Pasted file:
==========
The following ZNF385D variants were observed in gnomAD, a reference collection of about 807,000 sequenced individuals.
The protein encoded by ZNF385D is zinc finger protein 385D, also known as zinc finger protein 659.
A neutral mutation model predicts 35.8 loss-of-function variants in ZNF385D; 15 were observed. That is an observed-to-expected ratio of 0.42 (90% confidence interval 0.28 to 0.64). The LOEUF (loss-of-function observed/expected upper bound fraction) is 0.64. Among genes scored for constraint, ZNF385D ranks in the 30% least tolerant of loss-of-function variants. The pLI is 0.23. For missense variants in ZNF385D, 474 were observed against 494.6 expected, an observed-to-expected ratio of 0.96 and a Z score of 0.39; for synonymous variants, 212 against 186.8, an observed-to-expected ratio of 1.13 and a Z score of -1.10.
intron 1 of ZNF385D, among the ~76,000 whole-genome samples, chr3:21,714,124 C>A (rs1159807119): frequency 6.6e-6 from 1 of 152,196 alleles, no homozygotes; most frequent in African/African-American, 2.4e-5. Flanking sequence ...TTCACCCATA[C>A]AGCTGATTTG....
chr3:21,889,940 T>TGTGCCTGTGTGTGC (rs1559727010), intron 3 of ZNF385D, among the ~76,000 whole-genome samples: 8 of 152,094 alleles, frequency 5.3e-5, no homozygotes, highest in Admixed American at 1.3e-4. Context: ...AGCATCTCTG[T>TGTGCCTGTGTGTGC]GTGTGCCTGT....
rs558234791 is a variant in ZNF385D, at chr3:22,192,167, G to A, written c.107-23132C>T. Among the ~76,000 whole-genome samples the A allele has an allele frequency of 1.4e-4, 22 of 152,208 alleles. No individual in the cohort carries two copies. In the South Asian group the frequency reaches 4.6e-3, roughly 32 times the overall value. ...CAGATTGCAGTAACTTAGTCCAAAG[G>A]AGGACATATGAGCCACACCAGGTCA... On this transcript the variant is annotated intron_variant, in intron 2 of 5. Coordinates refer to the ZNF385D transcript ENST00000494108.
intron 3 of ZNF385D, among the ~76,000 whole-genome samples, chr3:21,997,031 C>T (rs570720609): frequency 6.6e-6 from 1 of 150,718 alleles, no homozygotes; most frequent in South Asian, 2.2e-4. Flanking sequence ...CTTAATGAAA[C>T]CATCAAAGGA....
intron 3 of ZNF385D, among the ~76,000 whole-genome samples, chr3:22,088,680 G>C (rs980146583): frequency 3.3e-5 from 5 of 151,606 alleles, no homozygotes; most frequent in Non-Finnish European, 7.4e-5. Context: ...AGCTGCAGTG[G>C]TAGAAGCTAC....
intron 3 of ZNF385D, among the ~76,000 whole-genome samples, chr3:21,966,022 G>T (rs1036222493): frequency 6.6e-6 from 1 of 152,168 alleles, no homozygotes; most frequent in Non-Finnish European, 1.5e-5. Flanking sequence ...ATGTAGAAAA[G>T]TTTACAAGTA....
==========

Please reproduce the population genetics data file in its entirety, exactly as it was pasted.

The following ZNF385D variants were observed in gnomAD, a reference collection of about 807,000 sequenced individuals.
The protein encoded by ZNF385D is zinc finger protein 385D, also known as zinc finger protein 659.
A neutral mutation model predicts 35.8 loss-of-function variants in ZNF385D; 15 were observed. That is an observed-to-expected ratio of 0.42 (90% confidence interval 0.28 to 0.64). The LOEUF (loss-of-function observed/expected upper bound fraction) is 0.64. Among genes scored for constraint, ZNF385D ranks in the 30% least tolerant of loss-of-function variants. The pLI is 0.23. For missense variants in ZNF385D, 474 were observed against 494.6 expected, an observed-to-expected ratio of 0.96 and a Z score of 0.39; for synonymous variants, 212 against 186.8, an observed-to-expected ratio of 1.13 and a Z score of -1.10.
intron 1 of ZNF385D, among the ~76,000 whole-genome samples, chr3:21,714,124 C>A (rs1159807119): frequency 6.6e-6 from 1 of 152,196 alleles, no homozygotes; most frequent in African/African-American, 2.4e-5. Flanking sequence ...TTCACCCATA[C>A]AGCTGATTTG....
chr3:21,889,940 T>TGTGCCTGTGTGTGC (rs1559727010), intron 3 of ZNF385D, among the ~76,000 whole-genome samples: 8 of 152,094 alleles, frequency 5.3e-5, no homozygotes, highest in Admixed American at 1.3e-4. Context: ...AGCATCTCTG[T>TGTGCCTGTGTGTGC]GTGTGCCTGT....
rs558234791 is a variant in ZNF385D, at chr3:22,192,167, G to A, written c.107-23132C>T. Among the ~76,000 whole-genome samples the A allele has an allele frequency of 1.4e-4, 22 of 152,208 alleles. No individual in the cohort carries two copies. In the South Asian group the frequency reaches 4.6e-3, roughly 32 times the overall value. ...CAGATTGCAGTAACTTAGTCCAAAG[G>A]AGGACATATGAGCCACACCAGGTCA... On this transcript the variant is annotated intron_variant, in intron 2 of 5. Coordinates refer to the ZNF385D transcript ENST00000494108.
intron 3 of ZNF385D, among the ~76,000 whole-genome samples, chr3:21,997,031 C>T (rs570720609): frequency 6.6e-6 from 1 of 150,718 alleles, no homozygotes; most frequent in South Asian, 2.2e-4. Flanking sequence ...CTTAATGAAA[C>T]CATCAAAGGA....
intron 3 of ZNF385D, among the ~76,000 whole-genome samples, chr3:22,088,680 G>C (rs980146583): frequency 3.3e-5 from 5 of 151,606 alleles, no homozygotes; most frequent in Non-Finnish European, 7.4e-5. Context: ...AGCTGCAGTG[G>C]TAGAAGCTAC....
intron 3 of ZNF385D, among the ~76,000 whole-genome samples, chr3:21,966,022 G>T (rs1036222493): frequency 6.6e-6 from 1 of 152,168 alleles, no homozygotes; most frequent in Non-Finnish European, 1.5e-5. Flanking sequence ...ATGTAGAAAA[G>T]TTTACAAGTA....